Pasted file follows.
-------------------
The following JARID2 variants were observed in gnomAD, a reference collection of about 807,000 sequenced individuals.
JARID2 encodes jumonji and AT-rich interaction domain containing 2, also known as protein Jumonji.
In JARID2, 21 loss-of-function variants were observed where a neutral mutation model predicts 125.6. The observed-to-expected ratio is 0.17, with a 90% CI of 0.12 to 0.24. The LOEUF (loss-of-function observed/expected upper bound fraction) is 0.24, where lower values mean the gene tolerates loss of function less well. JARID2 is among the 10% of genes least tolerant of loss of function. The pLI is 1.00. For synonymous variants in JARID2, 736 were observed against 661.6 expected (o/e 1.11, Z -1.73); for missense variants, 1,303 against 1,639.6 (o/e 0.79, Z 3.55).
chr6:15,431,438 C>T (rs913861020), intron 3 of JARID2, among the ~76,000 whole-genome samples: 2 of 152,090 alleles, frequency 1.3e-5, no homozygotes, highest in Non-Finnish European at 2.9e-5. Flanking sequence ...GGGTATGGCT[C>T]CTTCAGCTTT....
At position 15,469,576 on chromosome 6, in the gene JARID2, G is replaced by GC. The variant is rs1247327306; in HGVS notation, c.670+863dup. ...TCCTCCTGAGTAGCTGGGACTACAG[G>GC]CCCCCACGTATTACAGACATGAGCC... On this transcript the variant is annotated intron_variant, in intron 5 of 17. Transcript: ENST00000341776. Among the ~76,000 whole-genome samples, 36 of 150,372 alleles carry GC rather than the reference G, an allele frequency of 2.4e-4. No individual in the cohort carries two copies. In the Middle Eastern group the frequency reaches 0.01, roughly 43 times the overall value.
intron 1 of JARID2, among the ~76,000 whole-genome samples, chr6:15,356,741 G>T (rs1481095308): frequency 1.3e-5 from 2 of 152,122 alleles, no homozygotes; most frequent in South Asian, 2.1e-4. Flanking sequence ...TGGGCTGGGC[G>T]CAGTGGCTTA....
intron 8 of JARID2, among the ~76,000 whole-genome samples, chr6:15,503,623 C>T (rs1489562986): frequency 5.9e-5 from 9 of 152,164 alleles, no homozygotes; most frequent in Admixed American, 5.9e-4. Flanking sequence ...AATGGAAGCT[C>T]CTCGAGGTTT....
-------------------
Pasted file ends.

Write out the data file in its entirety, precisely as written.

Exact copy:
The following JARID2 variants were observed in gnomAD, a reference collection of about 807,000 sequenced individuals.
JARID2 encodes jumonji and AT-rich interaction domain containing 2, also known as protein Jumonji.
In JARID2, 21 loss-of-function variants were observed where a neutral mutation model predicts 125.6. The observed-to-expected ratio is 0.17, with a 90% CI of 0.12 to 0.24. The LOEUF (loss-of-function observed/expected upper bound fraction) is 0.24, where lower values mean the gene tolerates loss of function less well. JARID2 is among the 10% of genes least tolerant of loss of function. The pLI is 1.00. For synonymous variants in JARID2, 736 were observed against 661.6 expected (o/e 1.11, Z -1.73); for missense variants, 1,303 against 1,639.6 (o/e 0.79, Z 3.55).
chr6:15,431,438 C>T (rs913861020), intron 3 of JARID2, among the ~76,000 whole-genome samples: 2 of 152,090 alleles, frequency 1.3e-5, no homozygotes, highest in Non-Finnish European at 2.9e-5. Flanking sequence ...GGGTATGGCT[C>T]CTTCAGCTTT....
At position 15,469,576 on chromosome 6, in the gene JARID2, G is replaced by GC. The variant is rs1247327306; in HGVS notation, c.670+863dup. ...TCCTCCTGAGTAGCTGGGACTACAG[G>GC]CCCCCACGTATTACAGACATGAGCC... On this transcript the variant is annotated intron_variant, in intron 5 of 17. Transcript: ENST00000341776. Among the ~76,000 whole-genome samples, 36 of 150,372 alleles carry GC rather than the reference G, an allele frequency of 2.4e-4. No individual in the cohort carries two copies. In the Middle Eastern group the frequency reaches 0.01, roughly 43 times the overall value.
intron 1 of JARID2, among the ~76,000 whole-genome samples, chr6:15,356,741 G>T (rs1481095308): frequency 1.3e-5 from 2 of 152,122 alleles, no homozygotes; most frequent in South Asian, 2.1e-4. Flanking sequence ...TGGGCTGGGC[G>T]CAGTGGCTTA....
intron 8 of JARID2, among the ~76,000 whole-genome samples, chr6:15,503,623 C>T (rs1489562986): frequency 5.9e-5 from 9 of 152,164 alleles, no homozygotes; most frequent in Admixed American, 5.9e-4. Flanking sequence ...AATGGAAGCT[C>T]CTCGAGGTTT....